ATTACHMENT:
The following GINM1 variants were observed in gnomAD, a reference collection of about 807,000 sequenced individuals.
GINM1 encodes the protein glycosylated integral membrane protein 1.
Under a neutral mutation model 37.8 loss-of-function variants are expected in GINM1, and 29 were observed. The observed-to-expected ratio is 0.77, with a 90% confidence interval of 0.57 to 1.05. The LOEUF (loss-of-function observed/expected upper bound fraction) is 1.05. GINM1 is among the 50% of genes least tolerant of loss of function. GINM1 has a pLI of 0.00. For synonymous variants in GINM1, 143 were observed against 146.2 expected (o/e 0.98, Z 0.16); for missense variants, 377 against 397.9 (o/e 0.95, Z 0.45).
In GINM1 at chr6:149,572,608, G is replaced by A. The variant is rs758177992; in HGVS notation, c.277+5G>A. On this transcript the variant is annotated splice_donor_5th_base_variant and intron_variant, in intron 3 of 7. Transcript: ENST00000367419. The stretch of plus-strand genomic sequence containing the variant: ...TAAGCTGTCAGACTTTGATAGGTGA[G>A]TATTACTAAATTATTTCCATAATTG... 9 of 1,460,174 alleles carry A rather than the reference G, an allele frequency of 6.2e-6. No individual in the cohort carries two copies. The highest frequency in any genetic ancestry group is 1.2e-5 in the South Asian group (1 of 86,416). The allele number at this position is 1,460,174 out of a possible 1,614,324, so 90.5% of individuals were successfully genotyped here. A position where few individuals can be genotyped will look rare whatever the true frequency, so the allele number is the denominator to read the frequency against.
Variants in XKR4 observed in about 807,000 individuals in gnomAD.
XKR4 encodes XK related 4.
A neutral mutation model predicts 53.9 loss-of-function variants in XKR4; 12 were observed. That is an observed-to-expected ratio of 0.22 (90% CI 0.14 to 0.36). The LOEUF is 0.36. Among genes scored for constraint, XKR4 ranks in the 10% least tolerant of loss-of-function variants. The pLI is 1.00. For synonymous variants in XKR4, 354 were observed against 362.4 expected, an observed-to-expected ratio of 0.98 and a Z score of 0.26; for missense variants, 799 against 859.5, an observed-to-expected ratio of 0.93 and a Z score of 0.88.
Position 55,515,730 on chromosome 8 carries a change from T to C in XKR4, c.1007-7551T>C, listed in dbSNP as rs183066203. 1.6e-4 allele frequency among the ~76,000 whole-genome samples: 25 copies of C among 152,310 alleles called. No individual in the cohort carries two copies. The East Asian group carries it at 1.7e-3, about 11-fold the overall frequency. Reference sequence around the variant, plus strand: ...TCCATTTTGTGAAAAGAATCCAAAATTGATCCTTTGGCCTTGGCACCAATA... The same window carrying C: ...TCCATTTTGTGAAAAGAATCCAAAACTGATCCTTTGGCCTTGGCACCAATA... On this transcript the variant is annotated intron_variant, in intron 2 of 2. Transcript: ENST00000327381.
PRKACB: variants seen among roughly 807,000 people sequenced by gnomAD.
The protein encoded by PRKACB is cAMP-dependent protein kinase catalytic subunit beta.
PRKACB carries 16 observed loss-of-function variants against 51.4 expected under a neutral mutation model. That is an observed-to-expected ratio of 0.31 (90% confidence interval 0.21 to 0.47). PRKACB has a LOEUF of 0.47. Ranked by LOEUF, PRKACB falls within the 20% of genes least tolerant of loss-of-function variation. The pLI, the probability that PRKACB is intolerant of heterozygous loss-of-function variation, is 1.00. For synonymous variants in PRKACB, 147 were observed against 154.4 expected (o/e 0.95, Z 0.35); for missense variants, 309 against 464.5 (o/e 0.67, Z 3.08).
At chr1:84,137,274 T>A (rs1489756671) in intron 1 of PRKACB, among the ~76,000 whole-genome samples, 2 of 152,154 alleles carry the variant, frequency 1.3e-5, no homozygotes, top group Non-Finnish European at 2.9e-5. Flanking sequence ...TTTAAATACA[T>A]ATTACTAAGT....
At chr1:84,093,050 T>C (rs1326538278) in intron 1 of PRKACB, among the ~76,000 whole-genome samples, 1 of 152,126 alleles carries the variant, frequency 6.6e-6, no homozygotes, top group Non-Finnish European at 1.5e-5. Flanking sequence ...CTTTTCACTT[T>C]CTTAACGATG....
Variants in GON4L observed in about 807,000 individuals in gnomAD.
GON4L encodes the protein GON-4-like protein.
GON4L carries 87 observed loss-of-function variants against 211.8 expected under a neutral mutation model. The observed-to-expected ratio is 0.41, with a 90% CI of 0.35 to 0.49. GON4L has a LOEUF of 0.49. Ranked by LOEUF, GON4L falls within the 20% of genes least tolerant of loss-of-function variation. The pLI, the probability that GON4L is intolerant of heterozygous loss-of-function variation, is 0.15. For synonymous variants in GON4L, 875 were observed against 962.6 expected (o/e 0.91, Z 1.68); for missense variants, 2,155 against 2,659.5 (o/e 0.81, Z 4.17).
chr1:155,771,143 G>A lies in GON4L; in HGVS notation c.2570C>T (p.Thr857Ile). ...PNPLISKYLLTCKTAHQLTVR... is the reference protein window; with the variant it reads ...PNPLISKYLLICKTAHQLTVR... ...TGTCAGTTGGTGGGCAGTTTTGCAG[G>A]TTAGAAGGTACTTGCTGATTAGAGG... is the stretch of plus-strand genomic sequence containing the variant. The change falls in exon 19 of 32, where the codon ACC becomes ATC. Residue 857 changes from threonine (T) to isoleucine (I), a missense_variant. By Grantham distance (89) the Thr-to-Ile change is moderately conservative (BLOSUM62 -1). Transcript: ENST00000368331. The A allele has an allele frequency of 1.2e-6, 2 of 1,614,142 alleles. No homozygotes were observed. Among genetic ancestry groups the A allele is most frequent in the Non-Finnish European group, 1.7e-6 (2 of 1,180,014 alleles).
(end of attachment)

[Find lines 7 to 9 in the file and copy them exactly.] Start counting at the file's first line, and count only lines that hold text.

A neutral mutation model predicts 53.9 loss-of-function variants in XKR4; 12 were observed. That is an observed-to-expected ratio of 0.22 (90% CI 0.14 to 0.36). The LOEUF is 0.36. Among genes scored for constraint, XKR4 ranks in the 10% least tolerant of loss-of-function variants. The pLI is 1.00. For synonymous variants in XKR4, 354 were observed against 362.4 expected, an observed-to-expected ratio of 0.98 and a Z score of 0.26; for missense variants, 799 against 859.5, an observed-to-expected ratio of 0.93 and a Z score of 0.88.
Position 55,515,730 on chromosome 8 carries a change from T to C in XKR4, c.1007-7551T>C, listed in dbSNP as rs183066203. 1.6e-4 allele frequency among the ~76,000 whole-genome samples: 25 copies of C among 152,310 alleles called. No individual in the cohort carries two copies. The East Asian group carries it at 1.7e-3, about 11-fold the overall frequency. Reference sequence around the variant, plus strand: ...TCCATTTTGTGAAAAGAATCCAAAATTGATCCTTTGGCCTTGGCACCAATA... The same window carrying C: ...TCCATTTTGTGAAAAGAATCCAAAACTGATCCTTTGGCCTTGGCACCAATA... On this transcript the variant is annotated intron_variant, in intron 2 of 2. Transcript: ENST00000327381.
PRKACB: variants seen among roughly 807,000 people sequenced by gnomAD.